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From sofa to frontline: The digital mediation and domestication of warfare

Research output: Contribution to journalArticlepeer-review

Original languageEnglish
Pages (from-to)342-365
Number of pages24
JournalMedia, War & Conflict
Issue number3
PublishedSep 2021

Bibliographical note

Funding Information: The author(s) disclosed receipt of the following financial support for the research, authorship, and/or publication of this article: This research was supported by the Leverhulme Trust as a part of Early Career Fellowship. Publisher Copyright: © The Author(s) 2021. Copyright: Copyright 2021 Elsevier B.V., All rights reserved.


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    Uploaded date:10 Feb 2021

    Version:Final published version

    Licence:CC BY

King's Authors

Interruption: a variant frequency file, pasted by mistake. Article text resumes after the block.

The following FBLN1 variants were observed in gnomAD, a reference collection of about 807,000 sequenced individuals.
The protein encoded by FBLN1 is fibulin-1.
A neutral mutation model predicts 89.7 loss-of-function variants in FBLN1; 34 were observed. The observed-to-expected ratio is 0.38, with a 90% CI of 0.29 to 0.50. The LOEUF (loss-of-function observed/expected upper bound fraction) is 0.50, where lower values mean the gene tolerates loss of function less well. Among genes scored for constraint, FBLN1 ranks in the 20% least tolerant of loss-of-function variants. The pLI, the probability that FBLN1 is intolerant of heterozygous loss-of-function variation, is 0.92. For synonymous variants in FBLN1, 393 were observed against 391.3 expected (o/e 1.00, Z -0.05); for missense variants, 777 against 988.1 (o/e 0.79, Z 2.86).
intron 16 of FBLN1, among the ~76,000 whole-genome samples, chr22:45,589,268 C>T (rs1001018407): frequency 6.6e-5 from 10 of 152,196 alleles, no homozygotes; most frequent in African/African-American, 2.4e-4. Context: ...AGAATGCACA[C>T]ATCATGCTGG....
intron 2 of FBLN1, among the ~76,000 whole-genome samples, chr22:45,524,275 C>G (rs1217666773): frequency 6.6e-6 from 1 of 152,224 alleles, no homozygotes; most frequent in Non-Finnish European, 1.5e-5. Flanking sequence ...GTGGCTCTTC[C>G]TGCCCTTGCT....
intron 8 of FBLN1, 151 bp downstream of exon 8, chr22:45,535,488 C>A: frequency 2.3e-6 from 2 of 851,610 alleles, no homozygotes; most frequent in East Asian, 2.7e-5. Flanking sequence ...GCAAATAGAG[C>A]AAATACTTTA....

Much attention has been dedicated to how digital platforms change the nature of modern conflict. However, less has been paid to how the changes in the nature of warfare affect everyday lives. This article examines how digital mediation allows a convergence of the domestic environment and the battlefield by offering new ways for participation in warfare. It contributes to the discussion of how new participatory affordances change the nature of conflicts and whether they empower users or offer institutional actors more control over users. To this end, this research explores the transformation of domestic spaces, mediated via memes, as digital artefacts of participatory culture (see Confronting the Challenges of Participatory Culture: Media Education for the 21st Century, 2009, by Henry Jenkins). Building on the notion of domestication (see Domesticating the Revolution: Information and Communication Technologies and Everyday Life, 1993, by Roger Silverstone), the article conducts a discursive analysis of memes referring to the notion of ‘sofa warfare’ – an ironic description of internet users taking part in conflict without leaving their own sofas – in the context of the Russia–Ukraine conflict.

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